Thursday, October 12, 2023

'Doing Him a Favor By Taking His Money'

Of all things, I have an anecdote – from a friend in Washington, D.C. He was visiting Second Story Books in that city earlier this week. The volumes in the outdoor stalls are priced at $4 each. My friend collects Lionel Trilling and he found a copy of Of This Time, Of That Place and Other Stories in hardcover, published posthumously in 1979. At the counter he realized he had left his wallet at home and asked the clerk if she could hold the book overnight for him until he returned with his wallet. She said no: against store policy. 

Meanwhile,” my friend writes, “the guy next in line behind me at the counter was waiting to purchase an early edition of a volume of Eliot’s poetry for $60 or $80, I forget which. Having overheard my conversation with the woman, he offered out of the blue to buy the Trilling book for me. At the time of the offer, he wasn’t aware that I had found the book on an outdoor stall and that it cost only $4.”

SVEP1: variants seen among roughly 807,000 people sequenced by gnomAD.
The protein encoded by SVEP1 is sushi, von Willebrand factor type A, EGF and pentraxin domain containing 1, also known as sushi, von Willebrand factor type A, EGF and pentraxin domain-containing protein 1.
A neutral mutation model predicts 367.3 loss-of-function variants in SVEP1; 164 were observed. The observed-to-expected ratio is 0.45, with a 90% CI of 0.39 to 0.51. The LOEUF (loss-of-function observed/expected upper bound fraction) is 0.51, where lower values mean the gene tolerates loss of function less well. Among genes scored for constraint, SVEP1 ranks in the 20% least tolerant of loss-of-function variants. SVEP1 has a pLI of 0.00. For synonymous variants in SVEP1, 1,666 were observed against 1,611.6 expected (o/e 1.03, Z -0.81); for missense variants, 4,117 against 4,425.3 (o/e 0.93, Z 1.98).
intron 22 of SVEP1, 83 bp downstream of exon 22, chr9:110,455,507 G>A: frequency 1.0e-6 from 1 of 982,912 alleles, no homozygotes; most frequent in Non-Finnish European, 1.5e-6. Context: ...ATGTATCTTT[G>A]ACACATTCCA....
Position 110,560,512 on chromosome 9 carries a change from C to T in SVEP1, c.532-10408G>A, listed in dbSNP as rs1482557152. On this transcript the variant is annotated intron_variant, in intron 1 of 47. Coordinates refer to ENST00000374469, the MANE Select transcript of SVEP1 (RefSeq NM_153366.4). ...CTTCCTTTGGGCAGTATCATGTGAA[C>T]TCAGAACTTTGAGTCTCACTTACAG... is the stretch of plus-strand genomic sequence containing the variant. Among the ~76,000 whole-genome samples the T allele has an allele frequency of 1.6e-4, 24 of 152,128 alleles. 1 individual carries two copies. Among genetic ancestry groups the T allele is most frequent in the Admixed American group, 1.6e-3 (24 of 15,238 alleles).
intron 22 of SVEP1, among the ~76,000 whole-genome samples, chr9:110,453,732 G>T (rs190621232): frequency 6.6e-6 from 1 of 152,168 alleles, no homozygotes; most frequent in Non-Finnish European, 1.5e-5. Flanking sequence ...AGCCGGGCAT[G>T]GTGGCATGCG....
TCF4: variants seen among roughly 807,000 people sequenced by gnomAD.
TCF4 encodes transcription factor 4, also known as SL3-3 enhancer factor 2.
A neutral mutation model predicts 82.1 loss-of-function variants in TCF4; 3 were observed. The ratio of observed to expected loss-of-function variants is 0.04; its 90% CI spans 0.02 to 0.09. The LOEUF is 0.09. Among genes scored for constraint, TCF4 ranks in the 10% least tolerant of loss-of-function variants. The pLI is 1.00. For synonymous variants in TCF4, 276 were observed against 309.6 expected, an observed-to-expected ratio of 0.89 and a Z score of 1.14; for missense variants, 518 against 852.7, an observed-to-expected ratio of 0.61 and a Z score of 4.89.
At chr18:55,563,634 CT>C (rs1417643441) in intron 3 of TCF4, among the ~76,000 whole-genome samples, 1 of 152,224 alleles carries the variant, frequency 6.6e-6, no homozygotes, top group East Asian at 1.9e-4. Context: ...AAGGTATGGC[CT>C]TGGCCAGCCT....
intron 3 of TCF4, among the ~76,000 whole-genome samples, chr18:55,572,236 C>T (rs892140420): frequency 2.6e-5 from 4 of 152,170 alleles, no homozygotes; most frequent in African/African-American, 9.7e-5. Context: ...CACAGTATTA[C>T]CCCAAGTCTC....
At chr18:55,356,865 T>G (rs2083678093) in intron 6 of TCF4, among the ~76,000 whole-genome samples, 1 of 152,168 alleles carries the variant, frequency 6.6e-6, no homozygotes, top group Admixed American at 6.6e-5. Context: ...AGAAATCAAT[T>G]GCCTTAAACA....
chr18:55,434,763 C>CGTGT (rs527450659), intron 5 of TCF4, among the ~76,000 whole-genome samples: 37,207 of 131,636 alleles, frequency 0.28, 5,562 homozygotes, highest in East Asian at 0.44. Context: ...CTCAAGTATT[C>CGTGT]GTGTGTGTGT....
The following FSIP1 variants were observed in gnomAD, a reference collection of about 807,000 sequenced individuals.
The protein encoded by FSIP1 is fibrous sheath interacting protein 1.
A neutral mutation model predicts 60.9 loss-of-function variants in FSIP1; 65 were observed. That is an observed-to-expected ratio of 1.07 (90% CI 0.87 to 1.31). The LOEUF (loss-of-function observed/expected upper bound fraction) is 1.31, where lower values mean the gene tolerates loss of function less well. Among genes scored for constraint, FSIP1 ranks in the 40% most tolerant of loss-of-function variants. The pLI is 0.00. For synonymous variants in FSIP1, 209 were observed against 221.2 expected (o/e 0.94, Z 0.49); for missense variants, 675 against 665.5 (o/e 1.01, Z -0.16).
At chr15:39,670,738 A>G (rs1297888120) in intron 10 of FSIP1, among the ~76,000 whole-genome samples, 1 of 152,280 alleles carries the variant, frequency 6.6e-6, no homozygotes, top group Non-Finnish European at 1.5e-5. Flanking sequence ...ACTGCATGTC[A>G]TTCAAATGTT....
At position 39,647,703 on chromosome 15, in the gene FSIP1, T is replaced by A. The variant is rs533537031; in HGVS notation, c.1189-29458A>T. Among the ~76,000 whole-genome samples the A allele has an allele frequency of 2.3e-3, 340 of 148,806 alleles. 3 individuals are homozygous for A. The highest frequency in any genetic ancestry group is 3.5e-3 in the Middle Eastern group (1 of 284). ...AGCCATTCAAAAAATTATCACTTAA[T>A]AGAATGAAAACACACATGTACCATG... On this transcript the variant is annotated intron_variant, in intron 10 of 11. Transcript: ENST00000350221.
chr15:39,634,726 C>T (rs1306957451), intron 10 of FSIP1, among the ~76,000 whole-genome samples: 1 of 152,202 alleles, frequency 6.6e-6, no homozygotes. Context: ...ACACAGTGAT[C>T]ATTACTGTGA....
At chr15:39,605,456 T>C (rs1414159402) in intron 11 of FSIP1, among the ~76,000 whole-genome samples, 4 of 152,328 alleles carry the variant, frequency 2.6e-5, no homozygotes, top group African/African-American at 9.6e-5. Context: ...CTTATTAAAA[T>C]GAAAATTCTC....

My friend thanked him for his generosity but, as I would have done, declined. The guy insisted. Also as I would have done, my friend finally said fine, but asked for his address so he could mail him a check.


“He made me feel as if I’d be doing him a favor by taking his money. So I finally gave in.  Now I consider myself to be a reasonably generous fellow, but I knew that if our positions had been reversed it wouldn't have occurred to me to buy the book for him. I left the store happy to have the Trilling volume but feeling a bit worse about myself.”


I would love to draw a grand conclusion about the thoughtfulness and generosity of – who? Readers? Washingtonians? Fans of T.S. Eliot? Maybe just one nice guy.

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